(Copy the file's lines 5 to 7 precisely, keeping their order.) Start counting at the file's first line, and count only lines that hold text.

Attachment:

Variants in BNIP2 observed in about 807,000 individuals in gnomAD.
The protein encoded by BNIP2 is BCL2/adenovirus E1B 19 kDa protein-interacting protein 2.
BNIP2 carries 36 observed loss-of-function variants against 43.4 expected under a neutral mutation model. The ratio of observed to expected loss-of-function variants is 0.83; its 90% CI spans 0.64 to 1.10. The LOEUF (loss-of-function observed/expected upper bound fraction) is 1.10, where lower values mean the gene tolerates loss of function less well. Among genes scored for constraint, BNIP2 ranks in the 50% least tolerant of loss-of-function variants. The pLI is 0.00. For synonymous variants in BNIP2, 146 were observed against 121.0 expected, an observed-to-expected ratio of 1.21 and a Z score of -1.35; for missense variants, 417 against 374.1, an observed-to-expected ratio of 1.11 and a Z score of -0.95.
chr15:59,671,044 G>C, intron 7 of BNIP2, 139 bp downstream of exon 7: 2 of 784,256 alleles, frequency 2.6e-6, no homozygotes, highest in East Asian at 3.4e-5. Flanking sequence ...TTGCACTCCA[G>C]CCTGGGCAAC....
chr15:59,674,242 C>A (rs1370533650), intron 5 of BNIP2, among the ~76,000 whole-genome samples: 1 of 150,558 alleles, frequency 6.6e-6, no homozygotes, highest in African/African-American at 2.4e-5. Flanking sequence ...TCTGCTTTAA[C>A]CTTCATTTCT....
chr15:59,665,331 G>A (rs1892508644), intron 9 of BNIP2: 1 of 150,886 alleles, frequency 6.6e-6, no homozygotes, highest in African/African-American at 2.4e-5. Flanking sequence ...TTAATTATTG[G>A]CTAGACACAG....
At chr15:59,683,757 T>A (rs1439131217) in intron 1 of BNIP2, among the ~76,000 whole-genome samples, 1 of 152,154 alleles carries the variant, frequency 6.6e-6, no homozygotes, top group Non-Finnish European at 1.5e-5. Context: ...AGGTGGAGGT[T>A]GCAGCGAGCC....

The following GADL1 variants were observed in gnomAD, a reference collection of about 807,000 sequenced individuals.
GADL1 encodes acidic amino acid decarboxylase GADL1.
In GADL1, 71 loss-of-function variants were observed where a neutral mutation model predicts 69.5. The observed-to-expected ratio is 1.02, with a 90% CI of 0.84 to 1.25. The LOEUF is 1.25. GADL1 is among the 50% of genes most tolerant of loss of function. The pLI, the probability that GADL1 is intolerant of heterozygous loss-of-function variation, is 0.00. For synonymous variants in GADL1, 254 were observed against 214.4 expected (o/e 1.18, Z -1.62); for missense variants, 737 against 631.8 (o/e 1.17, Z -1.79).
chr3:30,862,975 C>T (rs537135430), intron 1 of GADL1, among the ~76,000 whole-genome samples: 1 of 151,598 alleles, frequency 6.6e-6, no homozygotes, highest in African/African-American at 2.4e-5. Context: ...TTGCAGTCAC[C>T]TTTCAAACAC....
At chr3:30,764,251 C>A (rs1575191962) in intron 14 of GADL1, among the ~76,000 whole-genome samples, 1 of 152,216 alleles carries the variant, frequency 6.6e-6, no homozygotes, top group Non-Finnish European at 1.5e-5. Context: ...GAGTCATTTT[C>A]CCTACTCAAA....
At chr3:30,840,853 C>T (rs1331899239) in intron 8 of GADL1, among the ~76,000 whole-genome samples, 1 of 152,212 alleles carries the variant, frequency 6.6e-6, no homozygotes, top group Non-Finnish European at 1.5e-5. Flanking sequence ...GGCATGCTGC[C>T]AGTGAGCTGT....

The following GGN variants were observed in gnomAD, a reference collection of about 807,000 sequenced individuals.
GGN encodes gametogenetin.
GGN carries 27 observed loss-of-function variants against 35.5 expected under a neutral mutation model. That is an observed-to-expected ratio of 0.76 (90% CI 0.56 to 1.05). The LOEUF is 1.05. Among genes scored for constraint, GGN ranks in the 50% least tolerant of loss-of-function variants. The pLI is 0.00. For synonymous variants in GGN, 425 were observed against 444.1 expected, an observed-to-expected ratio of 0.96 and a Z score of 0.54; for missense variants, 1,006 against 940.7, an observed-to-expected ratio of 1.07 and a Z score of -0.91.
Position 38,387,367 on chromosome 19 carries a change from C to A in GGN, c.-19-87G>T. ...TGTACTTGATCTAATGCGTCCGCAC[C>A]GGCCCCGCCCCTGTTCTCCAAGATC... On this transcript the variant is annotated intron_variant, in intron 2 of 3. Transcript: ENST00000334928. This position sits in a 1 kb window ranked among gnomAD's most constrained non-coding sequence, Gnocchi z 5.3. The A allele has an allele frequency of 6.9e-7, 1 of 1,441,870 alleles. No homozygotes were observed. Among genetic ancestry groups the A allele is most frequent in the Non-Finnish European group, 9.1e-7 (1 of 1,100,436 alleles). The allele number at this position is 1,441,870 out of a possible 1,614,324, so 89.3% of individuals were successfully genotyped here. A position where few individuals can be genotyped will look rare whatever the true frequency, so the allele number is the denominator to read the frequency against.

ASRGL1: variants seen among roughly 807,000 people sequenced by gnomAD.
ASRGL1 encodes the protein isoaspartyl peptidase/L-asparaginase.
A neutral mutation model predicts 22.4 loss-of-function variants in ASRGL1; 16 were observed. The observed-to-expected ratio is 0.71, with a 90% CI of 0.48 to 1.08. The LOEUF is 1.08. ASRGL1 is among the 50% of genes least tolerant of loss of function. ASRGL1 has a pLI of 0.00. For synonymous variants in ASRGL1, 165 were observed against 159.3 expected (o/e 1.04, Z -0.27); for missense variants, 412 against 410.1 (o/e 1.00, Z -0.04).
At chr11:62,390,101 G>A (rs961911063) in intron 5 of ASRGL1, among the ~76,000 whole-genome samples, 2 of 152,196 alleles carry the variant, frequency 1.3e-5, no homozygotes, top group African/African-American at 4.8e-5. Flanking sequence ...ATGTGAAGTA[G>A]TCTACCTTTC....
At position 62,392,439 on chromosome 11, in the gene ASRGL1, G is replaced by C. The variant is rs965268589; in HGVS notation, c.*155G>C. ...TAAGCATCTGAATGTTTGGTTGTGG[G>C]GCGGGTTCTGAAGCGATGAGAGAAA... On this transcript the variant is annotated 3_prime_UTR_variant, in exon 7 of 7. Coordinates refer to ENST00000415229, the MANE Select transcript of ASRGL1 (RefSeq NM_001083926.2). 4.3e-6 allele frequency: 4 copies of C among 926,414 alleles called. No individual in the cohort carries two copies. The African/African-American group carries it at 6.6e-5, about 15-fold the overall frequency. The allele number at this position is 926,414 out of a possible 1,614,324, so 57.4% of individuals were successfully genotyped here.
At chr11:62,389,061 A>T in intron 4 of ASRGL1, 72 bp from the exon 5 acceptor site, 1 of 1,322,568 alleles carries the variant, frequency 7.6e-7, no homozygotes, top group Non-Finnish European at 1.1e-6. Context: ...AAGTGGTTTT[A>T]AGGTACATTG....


chr15:59,674,242 C>A (rs1370533650), intron 5 of BNIP2, among the ~76,000 whole-genome samples: 1 of 150,558 alleles, frequency 6.6e-6, no homozygotes, highest in African/African-American at 2.4e-5. Flanking sequence ...TCTGCTTTAA[C>A]CTTCATTTCT....
chr15:59,665,331 G>A (rs1892508644), intron 9 of BNIP2: 1 of 150,886 alleles, frequency 6.6e-6, no homozygotes, highest in African/African-American at 2.4e-5. Flanking sequence ...TTAATTATTG[G>A]CTAGACACAG....
At chr15:59,683,757 T>A (rs1439131217) in intron 1 of BNIP2, among the ~76,000 whole-genome samples, 1 of 152,154 alleles carries the variant, frequency 6.6e-6, no homozygotes, top group Non-Finnish European at 1.5e-5. Context: ...AGGTGGAGGT[T>A]GCAGCGAGCC....